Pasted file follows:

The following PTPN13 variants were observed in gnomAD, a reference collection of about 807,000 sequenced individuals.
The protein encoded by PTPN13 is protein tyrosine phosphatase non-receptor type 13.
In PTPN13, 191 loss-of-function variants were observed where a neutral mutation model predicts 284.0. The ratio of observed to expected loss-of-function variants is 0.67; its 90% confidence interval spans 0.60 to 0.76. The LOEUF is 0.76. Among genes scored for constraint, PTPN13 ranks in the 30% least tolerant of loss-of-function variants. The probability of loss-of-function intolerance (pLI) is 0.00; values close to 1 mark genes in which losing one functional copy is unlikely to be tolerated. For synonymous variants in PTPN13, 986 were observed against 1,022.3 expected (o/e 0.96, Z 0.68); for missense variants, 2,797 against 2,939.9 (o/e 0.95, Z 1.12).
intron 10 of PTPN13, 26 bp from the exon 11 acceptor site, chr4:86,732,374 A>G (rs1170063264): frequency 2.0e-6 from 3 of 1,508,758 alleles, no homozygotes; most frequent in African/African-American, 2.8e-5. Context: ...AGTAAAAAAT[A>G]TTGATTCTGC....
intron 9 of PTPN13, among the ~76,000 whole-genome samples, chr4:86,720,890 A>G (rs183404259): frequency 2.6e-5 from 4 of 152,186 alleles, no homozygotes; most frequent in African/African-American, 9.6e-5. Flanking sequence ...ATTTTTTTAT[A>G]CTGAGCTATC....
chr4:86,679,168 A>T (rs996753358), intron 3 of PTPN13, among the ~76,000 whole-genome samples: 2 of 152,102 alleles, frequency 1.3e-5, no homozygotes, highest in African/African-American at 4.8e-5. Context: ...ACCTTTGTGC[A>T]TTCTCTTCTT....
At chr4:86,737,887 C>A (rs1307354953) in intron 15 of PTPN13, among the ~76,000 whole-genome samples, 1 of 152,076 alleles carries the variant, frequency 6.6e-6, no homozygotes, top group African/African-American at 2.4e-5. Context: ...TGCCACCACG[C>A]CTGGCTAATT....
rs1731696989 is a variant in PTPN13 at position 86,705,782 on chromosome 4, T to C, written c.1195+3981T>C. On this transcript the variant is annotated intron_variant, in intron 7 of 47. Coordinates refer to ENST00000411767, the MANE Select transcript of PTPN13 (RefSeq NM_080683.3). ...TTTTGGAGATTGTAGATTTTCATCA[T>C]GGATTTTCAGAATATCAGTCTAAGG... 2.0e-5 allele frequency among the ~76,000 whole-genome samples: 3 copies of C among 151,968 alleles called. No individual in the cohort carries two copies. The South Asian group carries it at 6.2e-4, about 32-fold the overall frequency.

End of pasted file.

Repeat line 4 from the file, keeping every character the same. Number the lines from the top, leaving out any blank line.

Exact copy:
intron 10 of PTPN13, 26 bp from the exon 11 acceptor site, chr4:86,732,374 A>G (rs1170063264): frequency 2.0e-6 from 3 of 1,508,758 alleles, no homozygotes; most frequent in African/African-American, 2.8e-5. Context: ...AGTAAAAAAT[A>G]TTGATTCTGC....